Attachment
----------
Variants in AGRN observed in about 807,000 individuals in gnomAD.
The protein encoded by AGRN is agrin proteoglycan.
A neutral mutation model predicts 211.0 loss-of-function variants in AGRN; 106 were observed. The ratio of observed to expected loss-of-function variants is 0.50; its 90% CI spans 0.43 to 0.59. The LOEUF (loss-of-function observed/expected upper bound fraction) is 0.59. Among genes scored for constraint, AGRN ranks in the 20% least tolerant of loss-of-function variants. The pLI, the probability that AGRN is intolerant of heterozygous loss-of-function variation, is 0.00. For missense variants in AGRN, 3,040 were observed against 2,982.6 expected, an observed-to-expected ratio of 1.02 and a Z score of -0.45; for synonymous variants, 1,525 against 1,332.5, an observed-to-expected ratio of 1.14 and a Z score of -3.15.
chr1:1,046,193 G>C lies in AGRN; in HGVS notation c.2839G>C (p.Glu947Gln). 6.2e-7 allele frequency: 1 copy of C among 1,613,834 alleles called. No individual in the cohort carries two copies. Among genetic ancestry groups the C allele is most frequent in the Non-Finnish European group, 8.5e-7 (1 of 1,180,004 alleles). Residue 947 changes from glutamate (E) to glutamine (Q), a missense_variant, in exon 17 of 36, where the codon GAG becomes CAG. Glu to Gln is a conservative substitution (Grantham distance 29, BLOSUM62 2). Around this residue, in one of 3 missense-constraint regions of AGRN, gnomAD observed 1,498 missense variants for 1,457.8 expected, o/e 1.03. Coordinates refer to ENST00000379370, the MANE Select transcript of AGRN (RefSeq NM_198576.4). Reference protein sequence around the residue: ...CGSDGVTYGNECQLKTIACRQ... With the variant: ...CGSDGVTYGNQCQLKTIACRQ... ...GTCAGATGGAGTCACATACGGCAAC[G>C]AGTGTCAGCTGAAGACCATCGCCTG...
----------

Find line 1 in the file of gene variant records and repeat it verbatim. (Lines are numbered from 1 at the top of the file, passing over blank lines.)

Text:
Variants in AGRN observed in about 807,000 individuals in gnomAD.